Ontario Flag

On Thursday, at Beer Bistro in Toronto, awards were handed out to the fan favourites in a variety of categories for Ontario’s beer scene for the 2016 Golden Tap Awards.

The occasion, which likely skews a little too heavily toward Toronto beer bars and breweries, is probably about as good a way as any to take the pulse of the province’s current beer trends, and thus seemed to me like an appropriate time to reflect on the Ontario beer scene generally. Also, yes, I won one of these awards again last night and so I feel compelled to actually contribute something instead of resting on my laurels.

And so I had a few beers and thunk on it, and I’ve concluded that the craft beer scene in Ontatio is great.

But it’s time to get serious. Continue reading


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Top five Ontario beers for numbing the unceasing pain of your existence

Suicide pact!

There are many great reasons to drink Ontario craft beer these days!

With no shortage of new and exciting beer being produced by the province’s ever-growing number of small breweries, there truly is a style of beer for virtually all tastes. Working your way through the many varieties available–from a dark, chocolaty coffee stout to a tart and fruity barrel-aged sour beer–can be a fun adventure and a way to experience new things.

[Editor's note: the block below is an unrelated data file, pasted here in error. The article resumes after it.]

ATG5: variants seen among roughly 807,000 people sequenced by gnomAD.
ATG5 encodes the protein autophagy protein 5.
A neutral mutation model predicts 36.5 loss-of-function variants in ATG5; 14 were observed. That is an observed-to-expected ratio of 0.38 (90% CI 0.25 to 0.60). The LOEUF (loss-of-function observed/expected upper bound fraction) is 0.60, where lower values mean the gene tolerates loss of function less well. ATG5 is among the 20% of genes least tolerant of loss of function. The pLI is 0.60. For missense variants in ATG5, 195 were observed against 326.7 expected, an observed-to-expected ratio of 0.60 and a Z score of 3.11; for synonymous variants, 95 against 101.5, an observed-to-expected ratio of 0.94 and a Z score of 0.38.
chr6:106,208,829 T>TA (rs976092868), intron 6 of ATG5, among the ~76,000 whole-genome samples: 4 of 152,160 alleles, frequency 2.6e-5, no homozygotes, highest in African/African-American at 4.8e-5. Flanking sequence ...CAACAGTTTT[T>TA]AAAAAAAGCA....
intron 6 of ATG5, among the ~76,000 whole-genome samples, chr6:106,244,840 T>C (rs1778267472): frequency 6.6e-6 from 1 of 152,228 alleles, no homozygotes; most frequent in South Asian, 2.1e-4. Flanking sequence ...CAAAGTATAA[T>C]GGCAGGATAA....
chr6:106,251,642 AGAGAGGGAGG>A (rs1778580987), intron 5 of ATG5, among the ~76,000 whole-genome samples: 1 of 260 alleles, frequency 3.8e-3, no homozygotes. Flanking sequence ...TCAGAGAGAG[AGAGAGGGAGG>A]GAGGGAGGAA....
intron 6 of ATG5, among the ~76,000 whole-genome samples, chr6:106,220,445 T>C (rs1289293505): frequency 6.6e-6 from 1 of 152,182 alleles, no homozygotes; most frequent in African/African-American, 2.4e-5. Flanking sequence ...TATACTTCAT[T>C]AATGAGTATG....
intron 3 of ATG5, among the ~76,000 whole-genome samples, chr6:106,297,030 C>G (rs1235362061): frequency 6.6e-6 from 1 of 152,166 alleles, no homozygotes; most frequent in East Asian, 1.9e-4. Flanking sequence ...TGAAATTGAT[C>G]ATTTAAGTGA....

And it feels good to support local companies. Buying beer from your local craft brewer means you are supporting a small business that is creating jobs in your backyard. Often, buying craft beer means getting an opportunity to meet the very people who made your beer and learn all about the businesses and the people you are supporting with your purchase. Buying Ontario craft beer isn’t just fun, it can also be rewarding!

Of course craft beer, like all beer, contains alcohol; and so consuming these exciting and interesting beers that you’ve purchased directly from your local craft brewery is also an excellent way to try to quiet, even momentarily, your constant and unrelenting thoughts about the fact that we are all ultimately totally alone and that life is essentially meaningless. Continue reading


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Let’s talk about beer awards

Beer Award

Beer awards are kind of bullshit.

They don’t really denote an absolute degree of quality or a level of excellence above all others in the field or category.

What beer awards often actually denote is simply a willingness on the part of a brewery to meet the demands of individual award ceremonies’ rules and style guidelines. That is, maybe a winning beer best met a certain judge’s understanding of the BJCP definition of a certain style or the beer adheres to the individual awards’ strict and often archaic style guidelines, but does that make the beer the “best” example of its kind?

According to the judges who blind-taste-judged the Ontario Brewing Awards, for example, Triple Bogey Brewing Co. brewed the “best” North American Lager in the province last year. But what does that even mean? Taste is subjective, right? You, for example, may prefer the taste of Great Lakes Brewery’s Golden Horseshoe Premium Lager. Who can say how or why those two lagers are different and what makes one better? Continue reading